He continues:

"My self esteem is shot. My performance is even affecting my home life now."

ZOMG is he talking about sexual problems OUTSIDE of his marriage?! With US?!

I let out a teeny giggle of discomfort and awkwardness- looking around the table but NOBODY else is blushing and giggling like a 14 year old boy. How is this possible?!

He continues:

"I'm afraid my career is ruined."

OMG what does this guy do for a living?!?!? This has quickly become the BEST SUPPORT GROUP EVER. I am DYING in my chair. I had to turn my head away because I absolutely could not keep a straight face and then-

An elderly woman around the table kindly asked him how The Adams Family went. 

Wait, what?!

Turns out he is an actor in London's West End. Musical theatre. He's currently playing Lurch.

I turned to my friend and whispered "wait, so none of that was a sexual reference?" and she was like "what is WRONG with you?"

Wednesday, 14 May 2014

The Airplane Bathroom

The Airplane Bathroom

I don’t really have a fear of flying – I just don’t like it. We’re not meant to hurtle through the sky at the mercy of a faceless airline pilot with a suspected drinking problem. Flights go missing, flights go down – and I’m certain that if I ever were to survive a plane crash in the ocean the sharks would then get me.

I just don’t like flying.

So, like everyone else with an irrational phobia, I read about horrible flight accidents and incidents and terrorists and watch TV shows about mysterious illnesses on an airplane, snakes being loosed on passengers and incidents in which both pilots died and a passenger aircraft was landed by a blind librarian with his guide dog, just to ‘prep’ myself. See, I’ve heard of these things called ‘air pockets’ – random bits of air space without gravity or something, so everyone not wearing their seatbelt is thrown up out of their seats and concussed by the overhead baggage shelves. So I do not take off my seat belt, for anything.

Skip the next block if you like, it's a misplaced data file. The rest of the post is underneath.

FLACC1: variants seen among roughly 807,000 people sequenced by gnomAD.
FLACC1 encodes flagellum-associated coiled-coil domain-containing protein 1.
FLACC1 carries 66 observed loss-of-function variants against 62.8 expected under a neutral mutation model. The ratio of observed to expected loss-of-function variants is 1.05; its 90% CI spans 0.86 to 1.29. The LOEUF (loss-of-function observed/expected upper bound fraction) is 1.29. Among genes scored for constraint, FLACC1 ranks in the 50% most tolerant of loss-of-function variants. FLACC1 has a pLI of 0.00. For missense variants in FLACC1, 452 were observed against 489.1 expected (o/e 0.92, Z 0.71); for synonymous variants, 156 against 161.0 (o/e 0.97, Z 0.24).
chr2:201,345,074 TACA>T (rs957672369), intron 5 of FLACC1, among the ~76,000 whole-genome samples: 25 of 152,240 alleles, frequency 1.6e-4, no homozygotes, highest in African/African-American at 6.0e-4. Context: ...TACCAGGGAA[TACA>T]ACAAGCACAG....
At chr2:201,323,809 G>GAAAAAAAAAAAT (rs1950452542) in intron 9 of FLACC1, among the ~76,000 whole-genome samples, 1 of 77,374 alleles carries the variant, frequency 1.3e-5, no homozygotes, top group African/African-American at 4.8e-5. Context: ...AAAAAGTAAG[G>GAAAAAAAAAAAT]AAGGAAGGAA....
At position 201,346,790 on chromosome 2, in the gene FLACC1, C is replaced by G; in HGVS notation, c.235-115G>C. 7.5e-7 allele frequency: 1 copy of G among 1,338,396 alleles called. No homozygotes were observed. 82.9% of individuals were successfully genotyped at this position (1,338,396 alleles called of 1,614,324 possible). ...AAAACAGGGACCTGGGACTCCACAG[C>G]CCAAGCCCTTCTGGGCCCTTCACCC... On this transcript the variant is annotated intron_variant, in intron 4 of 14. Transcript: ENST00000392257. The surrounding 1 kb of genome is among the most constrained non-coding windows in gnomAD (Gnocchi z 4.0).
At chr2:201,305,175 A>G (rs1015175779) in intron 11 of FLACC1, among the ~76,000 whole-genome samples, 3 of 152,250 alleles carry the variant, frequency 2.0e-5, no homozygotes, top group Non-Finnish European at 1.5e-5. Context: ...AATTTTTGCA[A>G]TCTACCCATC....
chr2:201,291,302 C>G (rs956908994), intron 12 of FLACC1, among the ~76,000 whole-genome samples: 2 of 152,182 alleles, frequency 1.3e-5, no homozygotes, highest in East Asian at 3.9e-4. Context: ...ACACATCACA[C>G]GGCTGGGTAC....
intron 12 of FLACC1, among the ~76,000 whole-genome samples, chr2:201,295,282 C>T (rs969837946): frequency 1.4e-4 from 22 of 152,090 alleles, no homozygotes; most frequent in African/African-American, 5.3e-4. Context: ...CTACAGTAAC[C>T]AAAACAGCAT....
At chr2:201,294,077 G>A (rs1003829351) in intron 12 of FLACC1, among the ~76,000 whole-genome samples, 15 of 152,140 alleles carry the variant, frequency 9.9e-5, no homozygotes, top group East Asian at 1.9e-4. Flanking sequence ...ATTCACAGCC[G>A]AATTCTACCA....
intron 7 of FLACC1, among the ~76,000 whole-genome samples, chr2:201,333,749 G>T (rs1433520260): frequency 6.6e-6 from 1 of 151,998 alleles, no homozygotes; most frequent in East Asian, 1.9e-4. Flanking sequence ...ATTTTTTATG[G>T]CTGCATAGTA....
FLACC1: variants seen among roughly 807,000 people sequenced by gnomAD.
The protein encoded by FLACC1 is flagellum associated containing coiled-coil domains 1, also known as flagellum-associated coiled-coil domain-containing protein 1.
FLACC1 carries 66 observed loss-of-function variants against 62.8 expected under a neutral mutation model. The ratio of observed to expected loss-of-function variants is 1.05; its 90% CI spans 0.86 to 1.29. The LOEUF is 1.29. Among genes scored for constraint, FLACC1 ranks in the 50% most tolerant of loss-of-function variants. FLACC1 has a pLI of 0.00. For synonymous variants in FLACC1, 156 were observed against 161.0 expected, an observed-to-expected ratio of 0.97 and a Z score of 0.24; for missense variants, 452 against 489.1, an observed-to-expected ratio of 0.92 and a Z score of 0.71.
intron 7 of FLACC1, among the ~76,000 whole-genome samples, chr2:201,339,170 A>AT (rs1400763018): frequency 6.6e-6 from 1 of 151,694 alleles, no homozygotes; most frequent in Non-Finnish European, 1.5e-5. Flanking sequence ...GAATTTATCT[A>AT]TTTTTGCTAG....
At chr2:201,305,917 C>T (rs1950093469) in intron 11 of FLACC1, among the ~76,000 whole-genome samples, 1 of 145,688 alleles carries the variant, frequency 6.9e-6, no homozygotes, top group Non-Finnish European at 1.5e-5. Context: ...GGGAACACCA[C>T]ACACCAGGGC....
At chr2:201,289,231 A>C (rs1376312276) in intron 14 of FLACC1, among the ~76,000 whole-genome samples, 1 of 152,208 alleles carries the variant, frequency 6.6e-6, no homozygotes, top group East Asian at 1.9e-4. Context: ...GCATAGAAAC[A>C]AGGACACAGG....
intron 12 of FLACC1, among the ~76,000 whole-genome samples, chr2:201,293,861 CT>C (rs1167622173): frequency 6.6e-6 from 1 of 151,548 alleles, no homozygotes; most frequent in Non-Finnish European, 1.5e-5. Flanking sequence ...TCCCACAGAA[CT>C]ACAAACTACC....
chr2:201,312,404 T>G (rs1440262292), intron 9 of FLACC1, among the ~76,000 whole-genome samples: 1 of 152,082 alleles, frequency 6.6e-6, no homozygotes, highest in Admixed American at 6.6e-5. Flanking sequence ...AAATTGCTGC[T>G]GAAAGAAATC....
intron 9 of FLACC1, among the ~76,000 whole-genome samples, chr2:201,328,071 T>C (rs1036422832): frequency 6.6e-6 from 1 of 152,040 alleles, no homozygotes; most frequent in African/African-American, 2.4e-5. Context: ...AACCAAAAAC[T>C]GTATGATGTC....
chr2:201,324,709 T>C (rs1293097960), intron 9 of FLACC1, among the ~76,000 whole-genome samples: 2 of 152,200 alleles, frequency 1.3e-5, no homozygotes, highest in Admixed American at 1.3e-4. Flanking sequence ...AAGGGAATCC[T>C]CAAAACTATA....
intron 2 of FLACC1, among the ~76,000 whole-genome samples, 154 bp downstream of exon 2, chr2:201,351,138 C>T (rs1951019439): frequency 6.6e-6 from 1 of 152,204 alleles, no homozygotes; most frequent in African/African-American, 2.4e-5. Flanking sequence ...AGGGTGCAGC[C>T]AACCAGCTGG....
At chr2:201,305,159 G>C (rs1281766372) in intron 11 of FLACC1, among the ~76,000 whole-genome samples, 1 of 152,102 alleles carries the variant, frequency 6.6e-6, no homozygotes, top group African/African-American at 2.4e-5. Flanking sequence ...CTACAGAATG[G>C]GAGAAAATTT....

And the thing that makes air travel worse than riding through packs of lions on the Serengeti on a slow, chubby camel in the dark covered in zebra steaks?

The bathrooms.

Fine, they’re gross and overused. That I can live with. But the suction. The unholy suction! Like opening a portal to the netherworld and having your innards sucked out if you don’t get up fast enough. When being absolutely forced to use an airplane bathroom I do my business in lightning speed, slam the lid down, push the flush button and pray – one foot already firmly outside of the open bathroom door, holding on for dear life lest I get sucked through that tiny hole and blasted out into the airspace through the bottom of the airplane.

Yes, I know that this probably won’t actually happen. But that’s the beauty of irrational fears – they are delightfully irrational.

I looked at my daughter and then up the aisle to the nearest washroom only four rows away. I know exactly what is going to happen. I’m going to take off my seatbelt, putting my life at great peril, grab Lochie and run up the aisle to the washroom, hoping that it wouldn’t already be engaged. I’d grip onto the headrest of each row in turn as we made our way up there, only to be caught out by a beverage cart being pushed along the aisle. A Mexican standoff would ensue, neither of us willing to back up to let the other through, even though I’m the one holding a squirming toddler gunning for the bathroom. The drinks cart would reluctantly back up the aisle, slowly, giving me just enough room to squeeze into the tiniest washroom of all time while squeaking ‘don’t touch anything!’ to Lochlynn as she flailed helplessly under my arm.

In the dim light and over the roaring hum of the plane’s engines (why are they so much louder in the bathroom??) I’d scramble for toilet paper to wipe down the seat before plonking Lochie down, gripping the filthy handle under the sink in case we hit an unexpected air pocket in one hand and the back of Lochie’s shirt with the other so I could hopefully keep her down as well. Then there is the law of nature in which kids pee lightning quick when on their own but doddle the hell out of it when you are stressed and bent at a painful angle in front of them.
“Are you done yet? No? Why aren’t you done yet? Please be done. We have to go. Come on, you must be done. What do you mean there’s more? No there’s not! YOU’RE DONE! LET’S GO!”

The plane inevitably hits a bout of turbulence and the seat belt sign pings, stopping my heart along with it. I don’t even wipe the poor kid – pants up, lid down, door open, toss her outside, one foot out aaaaannnnndddd flush-and-bolt. Get the hell out of my way the seatbelt sign is on and I need to get us back into our seats, pronto. I will go over that drinks cart if I have to, move it!